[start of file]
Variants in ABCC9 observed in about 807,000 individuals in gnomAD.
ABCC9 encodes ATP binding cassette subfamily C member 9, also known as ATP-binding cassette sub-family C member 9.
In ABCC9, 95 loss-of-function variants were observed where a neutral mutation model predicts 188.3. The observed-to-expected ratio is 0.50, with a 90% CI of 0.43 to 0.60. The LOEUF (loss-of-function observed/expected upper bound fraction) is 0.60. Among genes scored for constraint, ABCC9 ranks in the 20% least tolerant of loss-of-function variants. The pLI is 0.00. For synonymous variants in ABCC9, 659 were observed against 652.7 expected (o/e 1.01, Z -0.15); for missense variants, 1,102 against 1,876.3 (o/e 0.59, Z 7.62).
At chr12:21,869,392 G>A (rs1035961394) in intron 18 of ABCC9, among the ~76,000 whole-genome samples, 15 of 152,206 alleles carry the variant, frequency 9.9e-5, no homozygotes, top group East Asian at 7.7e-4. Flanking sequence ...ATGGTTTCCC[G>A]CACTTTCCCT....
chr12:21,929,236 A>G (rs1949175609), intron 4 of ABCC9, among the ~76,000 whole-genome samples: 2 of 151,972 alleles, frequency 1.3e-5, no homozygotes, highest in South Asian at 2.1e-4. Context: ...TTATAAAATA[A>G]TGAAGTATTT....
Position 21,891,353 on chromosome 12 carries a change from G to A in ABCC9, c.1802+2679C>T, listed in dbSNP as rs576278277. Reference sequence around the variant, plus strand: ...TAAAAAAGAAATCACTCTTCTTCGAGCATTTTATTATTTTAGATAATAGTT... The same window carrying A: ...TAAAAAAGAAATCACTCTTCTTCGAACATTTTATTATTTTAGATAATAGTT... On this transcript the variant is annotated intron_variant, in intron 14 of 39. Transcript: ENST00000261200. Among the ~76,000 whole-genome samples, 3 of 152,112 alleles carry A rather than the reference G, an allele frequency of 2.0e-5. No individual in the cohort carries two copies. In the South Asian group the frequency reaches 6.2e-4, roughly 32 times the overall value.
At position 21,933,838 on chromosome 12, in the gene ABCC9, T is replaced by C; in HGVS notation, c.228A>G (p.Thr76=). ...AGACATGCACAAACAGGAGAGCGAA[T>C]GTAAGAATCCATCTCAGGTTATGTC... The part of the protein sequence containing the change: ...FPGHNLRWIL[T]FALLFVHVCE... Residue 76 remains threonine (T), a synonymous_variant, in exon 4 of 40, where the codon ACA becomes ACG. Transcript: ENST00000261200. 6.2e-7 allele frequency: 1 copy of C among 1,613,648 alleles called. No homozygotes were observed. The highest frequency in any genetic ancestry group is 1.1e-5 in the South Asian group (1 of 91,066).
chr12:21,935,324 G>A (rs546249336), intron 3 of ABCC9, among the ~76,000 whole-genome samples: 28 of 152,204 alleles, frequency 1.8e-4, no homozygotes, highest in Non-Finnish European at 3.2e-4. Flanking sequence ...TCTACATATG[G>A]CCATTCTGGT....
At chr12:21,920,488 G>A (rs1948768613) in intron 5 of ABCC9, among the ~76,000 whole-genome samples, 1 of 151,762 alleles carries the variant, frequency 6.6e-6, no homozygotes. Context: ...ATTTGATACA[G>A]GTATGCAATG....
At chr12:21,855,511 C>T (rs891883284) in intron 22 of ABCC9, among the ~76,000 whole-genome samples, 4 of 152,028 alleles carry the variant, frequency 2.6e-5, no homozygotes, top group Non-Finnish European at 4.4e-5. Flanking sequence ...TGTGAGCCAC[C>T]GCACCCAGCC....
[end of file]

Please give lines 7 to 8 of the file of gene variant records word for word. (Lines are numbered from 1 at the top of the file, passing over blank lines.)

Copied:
At position 21,933,838 on chromosome 12, in the gene ABCC9, T is replaced by C; in HGVS notation, c.228A>G (p.Thr76=). ...AGACATGCACAAACAGGAGAGCGAA[T>C]GTAAGAATCCATCTCAGGTTATGTC... The part of the protein sequence containing the change: ...FPGHNLRWIL[T]FALLFVHVCE... Residue 76 remains threonine (T), a synonymous_variant, in exon 4 of 40, where the codon ACA becomes ACG. Transcript: ENST00000261200. 6.2e-7 allele frequency: 1 copy of C among 1,613,648 alleles called. No homozygotes were observed. The highest frequency in any genetic ancestry group is 1.1e-5 in the South Asian group (1 of 91,066).
chr12:21,935,324 G>A (rs546249336), intron 3 of ABCC9, among the ~76,000 whole-genome samples: 28 of 152,204 alleles, frequency 1.8e-4, no homozygotes, highest in Non-Finnish European at 3.2e-4. Flanking sequence ...TCTACATATG[G>A]CCATTCTGGT....